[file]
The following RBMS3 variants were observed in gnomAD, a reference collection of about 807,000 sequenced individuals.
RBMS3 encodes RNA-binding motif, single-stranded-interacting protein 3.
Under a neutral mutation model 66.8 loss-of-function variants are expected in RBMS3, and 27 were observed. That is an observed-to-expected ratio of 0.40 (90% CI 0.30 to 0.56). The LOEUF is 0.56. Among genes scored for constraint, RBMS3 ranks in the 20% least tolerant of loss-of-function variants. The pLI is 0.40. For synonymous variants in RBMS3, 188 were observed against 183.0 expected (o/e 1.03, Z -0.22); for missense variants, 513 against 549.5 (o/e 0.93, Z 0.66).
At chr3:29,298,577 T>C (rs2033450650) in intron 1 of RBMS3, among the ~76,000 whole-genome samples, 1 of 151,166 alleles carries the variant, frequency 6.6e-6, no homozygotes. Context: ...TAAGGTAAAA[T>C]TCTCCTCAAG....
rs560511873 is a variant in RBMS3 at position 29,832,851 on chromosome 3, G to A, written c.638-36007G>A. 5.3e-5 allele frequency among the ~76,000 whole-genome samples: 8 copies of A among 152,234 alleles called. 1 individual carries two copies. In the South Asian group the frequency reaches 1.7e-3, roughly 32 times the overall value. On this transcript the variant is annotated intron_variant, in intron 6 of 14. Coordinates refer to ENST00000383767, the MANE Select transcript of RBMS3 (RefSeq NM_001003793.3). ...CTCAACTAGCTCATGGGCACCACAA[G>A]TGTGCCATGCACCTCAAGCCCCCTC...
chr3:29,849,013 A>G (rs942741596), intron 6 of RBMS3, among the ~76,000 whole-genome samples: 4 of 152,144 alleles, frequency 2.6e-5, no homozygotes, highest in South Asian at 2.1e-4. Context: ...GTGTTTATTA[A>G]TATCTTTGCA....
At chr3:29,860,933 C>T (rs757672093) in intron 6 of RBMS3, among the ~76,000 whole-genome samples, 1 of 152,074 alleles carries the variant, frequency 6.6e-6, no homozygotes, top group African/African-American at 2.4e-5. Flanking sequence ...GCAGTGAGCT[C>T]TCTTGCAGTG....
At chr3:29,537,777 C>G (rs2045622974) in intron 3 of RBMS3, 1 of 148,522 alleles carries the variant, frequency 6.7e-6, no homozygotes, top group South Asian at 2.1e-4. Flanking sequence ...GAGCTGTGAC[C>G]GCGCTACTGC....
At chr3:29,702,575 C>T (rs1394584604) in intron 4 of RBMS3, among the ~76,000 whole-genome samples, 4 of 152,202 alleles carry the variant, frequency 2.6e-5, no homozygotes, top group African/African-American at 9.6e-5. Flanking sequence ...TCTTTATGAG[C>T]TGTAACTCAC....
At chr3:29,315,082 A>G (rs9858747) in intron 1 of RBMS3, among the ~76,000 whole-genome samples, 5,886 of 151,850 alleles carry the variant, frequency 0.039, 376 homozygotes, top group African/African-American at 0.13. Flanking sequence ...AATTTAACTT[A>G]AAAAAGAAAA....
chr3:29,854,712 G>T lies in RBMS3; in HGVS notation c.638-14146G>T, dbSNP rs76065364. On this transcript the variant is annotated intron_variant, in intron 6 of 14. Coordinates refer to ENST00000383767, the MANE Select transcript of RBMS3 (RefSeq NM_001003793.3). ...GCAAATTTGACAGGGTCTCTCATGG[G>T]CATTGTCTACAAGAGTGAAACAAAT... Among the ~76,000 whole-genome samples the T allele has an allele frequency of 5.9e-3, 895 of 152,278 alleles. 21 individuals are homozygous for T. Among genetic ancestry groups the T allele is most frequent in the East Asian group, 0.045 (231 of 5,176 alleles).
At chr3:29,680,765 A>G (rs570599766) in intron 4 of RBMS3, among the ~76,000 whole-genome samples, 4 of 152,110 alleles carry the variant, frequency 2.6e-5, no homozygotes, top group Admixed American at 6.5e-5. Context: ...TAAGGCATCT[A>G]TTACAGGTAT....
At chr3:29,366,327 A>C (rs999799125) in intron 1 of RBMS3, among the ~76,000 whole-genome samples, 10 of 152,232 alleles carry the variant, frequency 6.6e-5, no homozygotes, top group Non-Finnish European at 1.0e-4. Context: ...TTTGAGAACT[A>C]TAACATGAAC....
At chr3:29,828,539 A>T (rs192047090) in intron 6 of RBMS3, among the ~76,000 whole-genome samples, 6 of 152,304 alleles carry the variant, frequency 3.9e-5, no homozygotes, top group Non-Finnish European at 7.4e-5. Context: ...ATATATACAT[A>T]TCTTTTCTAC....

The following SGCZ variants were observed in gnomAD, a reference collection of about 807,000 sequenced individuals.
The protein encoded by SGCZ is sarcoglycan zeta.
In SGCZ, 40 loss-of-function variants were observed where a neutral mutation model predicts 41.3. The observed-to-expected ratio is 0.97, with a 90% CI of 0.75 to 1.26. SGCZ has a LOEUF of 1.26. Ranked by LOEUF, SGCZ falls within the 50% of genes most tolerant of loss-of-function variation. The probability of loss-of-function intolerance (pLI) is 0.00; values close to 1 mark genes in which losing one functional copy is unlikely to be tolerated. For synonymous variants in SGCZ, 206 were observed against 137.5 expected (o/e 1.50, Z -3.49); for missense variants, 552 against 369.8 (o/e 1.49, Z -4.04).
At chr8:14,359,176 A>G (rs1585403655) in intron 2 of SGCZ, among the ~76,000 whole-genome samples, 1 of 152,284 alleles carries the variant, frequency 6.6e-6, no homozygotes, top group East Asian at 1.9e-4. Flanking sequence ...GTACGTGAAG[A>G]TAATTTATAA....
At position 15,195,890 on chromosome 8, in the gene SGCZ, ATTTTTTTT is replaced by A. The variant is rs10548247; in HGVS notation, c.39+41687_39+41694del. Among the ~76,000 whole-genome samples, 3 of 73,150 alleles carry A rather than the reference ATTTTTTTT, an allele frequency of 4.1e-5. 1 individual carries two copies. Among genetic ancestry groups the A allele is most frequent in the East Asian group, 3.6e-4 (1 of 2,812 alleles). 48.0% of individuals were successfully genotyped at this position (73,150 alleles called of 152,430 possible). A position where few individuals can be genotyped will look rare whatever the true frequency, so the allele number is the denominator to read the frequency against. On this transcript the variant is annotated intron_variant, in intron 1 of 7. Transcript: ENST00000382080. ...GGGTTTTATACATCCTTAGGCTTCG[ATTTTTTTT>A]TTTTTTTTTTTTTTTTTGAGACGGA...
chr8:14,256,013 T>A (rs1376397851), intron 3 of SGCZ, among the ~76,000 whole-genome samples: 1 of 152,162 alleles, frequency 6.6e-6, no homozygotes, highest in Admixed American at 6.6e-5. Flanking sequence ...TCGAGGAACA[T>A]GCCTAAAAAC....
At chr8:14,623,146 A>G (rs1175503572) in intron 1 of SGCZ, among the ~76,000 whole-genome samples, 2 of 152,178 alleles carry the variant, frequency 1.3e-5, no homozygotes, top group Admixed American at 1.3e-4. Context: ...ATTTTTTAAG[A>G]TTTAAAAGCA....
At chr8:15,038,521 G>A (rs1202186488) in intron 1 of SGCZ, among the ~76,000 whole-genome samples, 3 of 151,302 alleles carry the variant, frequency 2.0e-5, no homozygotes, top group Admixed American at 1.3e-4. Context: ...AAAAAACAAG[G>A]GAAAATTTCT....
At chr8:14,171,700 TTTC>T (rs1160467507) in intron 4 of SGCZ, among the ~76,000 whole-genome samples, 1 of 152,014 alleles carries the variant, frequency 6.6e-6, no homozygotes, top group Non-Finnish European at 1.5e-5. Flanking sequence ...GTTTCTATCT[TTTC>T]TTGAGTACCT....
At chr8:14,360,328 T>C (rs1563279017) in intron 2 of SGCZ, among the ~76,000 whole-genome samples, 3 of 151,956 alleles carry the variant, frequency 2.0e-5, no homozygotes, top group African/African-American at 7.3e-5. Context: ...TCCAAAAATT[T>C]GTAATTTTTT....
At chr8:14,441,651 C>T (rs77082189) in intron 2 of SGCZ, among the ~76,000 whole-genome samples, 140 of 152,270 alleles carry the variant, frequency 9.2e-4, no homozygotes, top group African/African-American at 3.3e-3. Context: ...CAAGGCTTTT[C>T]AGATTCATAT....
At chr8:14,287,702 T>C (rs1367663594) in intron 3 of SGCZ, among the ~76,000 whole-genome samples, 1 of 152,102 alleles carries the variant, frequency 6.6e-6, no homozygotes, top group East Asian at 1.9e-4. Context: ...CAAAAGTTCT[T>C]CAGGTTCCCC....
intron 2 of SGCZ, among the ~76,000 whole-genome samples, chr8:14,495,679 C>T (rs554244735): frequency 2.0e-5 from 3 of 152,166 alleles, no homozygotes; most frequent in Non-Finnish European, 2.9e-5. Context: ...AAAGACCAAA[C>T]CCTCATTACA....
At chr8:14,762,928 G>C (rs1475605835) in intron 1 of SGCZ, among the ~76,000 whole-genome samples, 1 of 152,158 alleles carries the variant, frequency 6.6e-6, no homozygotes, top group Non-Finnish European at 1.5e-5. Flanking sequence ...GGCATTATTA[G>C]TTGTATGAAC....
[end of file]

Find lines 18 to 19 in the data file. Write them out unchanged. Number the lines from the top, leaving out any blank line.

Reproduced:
At chr8:14,359,176 A>G (rs1585403655) in intron 2 of SGCZ, among the ~76,000 whole-genome samples, 1 of 152,284 alleles carries the variant, frequency 6.6e-6, no homozygotes, top group East Asian at 1.9e-4. Flanking sequence ...GTACGTGAAG[A>G]TAATTTATAA....
At position 15,195,890 on chromosome 8, in the gene SGCZ, ATTTTTTTT is replaced by A. The variant is rs10548247; in HGVS notation, c.39+41687_39+41694del. Among the ~76,000 whole-genome samples, 3 of 73,150 alleles carry A rather than the reference ATTTTTTTT, an allele frequency of 4.1e-5. 1 individual carries two copies. Among genetic ancestry groups the A allele is most frequent in the East Asian group, 3.6e-4 (1 of 2,812 alleles). 48.0% of individuals were successfully genotyped at this position (73,150 alleles called of 152,430 possible). A position where few individuals can be genotyped will look rare whatever the true frequency, so the allele number is the denominator to read the frequency against. On this transcript the variant is annotated intron_variant, in intron 1 of 7. Transcript: ENST00000382080. ...GGGTTTTATACATCCTTAGGCTTCG[ATTTTTTTT>A]TTTTTTTTTTTTTTTTTGAGACGGA...